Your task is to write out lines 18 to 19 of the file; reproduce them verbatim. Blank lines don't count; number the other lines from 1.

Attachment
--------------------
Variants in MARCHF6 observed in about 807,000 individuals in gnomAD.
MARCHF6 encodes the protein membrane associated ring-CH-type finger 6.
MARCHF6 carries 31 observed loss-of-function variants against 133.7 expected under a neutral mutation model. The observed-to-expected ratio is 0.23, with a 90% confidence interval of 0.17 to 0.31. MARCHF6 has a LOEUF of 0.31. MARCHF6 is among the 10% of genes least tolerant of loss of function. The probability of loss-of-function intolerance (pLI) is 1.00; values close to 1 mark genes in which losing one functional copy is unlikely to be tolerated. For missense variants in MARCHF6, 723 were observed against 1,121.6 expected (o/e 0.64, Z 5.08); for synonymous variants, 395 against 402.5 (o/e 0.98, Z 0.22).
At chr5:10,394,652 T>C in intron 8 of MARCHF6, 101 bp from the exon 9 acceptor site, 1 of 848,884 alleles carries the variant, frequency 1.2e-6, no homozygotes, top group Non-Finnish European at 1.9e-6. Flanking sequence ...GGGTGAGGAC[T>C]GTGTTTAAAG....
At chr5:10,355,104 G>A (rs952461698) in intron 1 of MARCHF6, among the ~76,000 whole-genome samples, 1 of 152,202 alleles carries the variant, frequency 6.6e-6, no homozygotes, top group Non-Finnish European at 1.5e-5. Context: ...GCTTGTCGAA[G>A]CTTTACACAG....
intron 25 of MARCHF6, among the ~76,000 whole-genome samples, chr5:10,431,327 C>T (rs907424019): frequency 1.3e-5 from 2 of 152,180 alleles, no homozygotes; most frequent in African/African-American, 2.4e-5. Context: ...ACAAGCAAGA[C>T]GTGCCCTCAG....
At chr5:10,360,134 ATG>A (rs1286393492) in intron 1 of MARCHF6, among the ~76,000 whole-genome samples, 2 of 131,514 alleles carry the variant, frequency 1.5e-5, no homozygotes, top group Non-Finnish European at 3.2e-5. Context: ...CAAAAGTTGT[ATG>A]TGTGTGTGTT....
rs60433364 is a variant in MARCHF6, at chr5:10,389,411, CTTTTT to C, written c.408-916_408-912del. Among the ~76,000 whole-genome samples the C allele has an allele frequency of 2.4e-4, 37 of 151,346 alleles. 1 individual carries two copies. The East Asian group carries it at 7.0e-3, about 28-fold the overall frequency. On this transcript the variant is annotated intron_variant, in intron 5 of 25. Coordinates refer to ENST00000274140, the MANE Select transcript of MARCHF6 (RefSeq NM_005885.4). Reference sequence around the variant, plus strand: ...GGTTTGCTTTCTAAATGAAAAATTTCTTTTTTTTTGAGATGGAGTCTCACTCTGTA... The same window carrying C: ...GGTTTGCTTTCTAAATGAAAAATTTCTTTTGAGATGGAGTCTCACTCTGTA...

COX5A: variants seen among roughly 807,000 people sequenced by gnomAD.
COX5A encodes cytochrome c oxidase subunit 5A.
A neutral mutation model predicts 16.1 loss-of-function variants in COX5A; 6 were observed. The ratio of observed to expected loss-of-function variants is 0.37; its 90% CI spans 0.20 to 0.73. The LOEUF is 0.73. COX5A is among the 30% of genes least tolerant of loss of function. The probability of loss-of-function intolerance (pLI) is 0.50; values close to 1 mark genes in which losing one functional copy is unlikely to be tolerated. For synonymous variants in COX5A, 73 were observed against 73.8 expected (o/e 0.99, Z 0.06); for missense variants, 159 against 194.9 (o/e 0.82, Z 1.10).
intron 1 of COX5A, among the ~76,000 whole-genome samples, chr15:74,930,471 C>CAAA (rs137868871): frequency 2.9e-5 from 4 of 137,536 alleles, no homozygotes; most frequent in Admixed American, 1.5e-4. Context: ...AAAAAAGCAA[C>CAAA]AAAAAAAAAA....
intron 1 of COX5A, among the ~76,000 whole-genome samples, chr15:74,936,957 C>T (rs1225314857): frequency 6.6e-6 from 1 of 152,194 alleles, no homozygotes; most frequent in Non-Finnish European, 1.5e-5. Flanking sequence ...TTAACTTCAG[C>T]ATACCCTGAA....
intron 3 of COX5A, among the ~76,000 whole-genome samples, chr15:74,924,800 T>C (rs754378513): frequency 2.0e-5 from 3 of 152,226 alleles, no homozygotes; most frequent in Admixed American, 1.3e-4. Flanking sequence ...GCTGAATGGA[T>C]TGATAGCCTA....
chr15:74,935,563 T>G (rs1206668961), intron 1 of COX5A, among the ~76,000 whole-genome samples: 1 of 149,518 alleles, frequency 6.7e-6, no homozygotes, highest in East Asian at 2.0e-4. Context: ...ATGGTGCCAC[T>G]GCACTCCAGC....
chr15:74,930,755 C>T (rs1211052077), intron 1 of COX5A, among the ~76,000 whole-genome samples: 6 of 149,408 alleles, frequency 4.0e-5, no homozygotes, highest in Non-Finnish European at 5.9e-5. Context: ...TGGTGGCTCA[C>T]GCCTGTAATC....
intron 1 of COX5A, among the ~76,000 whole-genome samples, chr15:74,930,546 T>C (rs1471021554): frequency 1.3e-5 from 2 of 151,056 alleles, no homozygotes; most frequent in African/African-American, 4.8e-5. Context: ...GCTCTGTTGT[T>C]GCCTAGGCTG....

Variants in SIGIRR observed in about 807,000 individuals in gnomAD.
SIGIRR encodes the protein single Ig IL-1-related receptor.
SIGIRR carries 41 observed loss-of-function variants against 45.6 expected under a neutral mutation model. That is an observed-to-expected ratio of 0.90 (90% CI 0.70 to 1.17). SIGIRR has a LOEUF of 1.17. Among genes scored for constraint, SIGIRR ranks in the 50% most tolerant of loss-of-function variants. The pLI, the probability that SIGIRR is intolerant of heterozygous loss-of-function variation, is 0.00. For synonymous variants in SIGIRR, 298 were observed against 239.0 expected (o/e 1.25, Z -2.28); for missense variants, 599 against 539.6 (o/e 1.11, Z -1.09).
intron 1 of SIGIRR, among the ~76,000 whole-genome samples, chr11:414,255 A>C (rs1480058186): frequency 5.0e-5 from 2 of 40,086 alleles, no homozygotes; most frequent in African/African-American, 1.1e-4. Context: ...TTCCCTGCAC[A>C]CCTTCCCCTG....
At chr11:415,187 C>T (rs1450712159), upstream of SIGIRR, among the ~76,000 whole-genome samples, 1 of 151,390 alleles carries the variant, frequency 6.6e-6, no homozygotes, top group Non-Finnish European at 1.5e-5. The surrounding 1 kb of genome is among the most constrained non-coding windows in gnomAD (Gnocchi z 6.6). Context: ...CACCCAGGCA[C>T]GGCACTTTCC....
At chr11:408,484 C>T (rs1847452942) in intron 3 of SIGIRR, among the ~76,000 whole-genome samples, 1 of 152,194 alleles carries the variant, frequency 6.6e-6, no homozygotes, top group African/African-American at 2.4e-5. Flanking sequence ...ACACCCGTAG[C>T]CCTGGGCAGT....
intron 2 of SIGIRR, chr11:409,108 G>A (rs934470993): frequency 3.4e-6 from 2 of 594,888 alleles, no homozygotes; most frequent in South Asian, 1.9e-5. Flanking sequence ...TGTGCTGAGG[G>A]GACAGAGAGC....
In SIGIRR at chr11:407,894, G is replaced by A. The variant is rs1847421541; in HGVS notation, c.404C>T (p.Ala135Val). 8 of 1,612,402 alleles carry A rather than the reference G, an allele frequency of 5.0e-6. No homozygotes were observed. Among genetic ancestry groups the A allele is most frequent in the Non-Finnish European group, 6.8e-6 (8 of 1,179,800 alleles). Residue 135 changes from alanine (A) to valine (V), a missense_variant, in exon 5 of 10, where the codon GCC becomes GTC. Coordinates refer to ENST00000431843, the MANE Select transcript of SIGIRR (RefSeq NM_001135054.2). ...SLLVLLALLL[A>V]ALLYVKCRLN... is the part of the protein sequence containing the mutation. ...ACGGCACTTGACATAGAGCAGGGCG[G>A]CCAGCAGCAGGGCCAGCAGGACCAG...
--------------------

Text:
Variants in SIGIRR observed in about 807,000 individuals in gnomAD.
SIGIRR encodes the protein single Ig IL-1-related receptor.